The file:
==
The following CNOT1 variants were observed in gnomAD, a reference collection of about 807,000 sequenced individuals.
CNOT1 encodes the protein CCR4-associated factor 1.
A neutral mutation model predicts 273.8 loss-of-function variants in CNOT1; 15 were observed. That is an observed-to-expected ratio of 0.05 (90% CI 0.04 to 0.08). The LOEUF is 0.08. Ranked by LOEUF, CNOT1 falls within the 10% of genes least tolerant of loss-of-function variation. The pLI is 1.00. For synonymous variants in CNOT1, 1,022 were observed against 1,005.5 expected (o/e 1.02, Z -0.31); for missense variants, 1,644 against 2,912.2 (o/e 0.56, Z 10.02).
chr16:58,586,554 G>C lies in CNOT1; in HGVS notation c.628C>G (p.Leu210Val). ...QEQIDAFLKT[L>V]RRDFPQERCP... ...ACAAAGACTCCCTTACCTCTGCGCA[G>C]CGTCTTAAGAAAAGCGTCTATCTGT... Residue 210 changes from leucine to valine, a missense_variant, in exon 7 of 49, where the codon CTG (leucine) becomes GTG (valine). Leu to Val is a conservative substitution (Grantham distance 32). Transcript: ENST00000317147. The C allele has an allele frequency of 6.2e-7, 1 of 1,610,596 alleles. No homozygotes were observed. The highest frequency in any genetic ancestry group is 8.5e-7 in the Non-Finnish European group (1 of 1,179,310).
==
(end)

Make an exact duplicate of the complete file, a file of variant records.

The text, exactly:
The following CNOT1 variants were observed in gnomAD, a reference collection of about 807,000 sequenced individuals.
CNOT1 encodes the protein CCR4-associated factor 1.
A neutral mutation model predicts 273.8 loss-of-function variants in CNOT1; 15 were observed. That is an observed-to-expected ratio of 0.05 (90% CI 0.04 to 0.08). The LOEUF is 0.08. Ranked by LOEUF, CNOT1 falls within the 10% of genes least tolerant of loss-of-function variation. The pLI is 1.00. For synonymous variants in CNOT1, 1,022 were observed against 1,005.5 expected (o/e 1.02, Z -0.31); for missense variants, 1,644 against 2,912.2 (o/e 0.56, Z 10.02).
chr16:58,586,554 G>C lies in CNOT1; in HGVS notation c.628C>G (p.Leu210Val). ...QEQIDAFLKT[L>V]RRDFPQERCP... ...ACAAAGACTCCCTTACCTCTGCGCA[G>C]CGTCTTAAGAAAAGCGTCTATCTGT... Residue 210 changes from leucine to valine, a missense_variant, in exon 7 of 49, where the codon CTG (leucine) becomes GTG (valine). Leu to Val is a conservative substitution (Grantham distance 32). Transcript: ENST00000317147. The C allele has an allele frequency of 6.2e-7, 1 of 1,610,596 alleles. No homozygotes were observed. The highest frequency in any genetic ancestry group is 8.5e-7 in the Non-Finnish European group (1 of 1,179,310).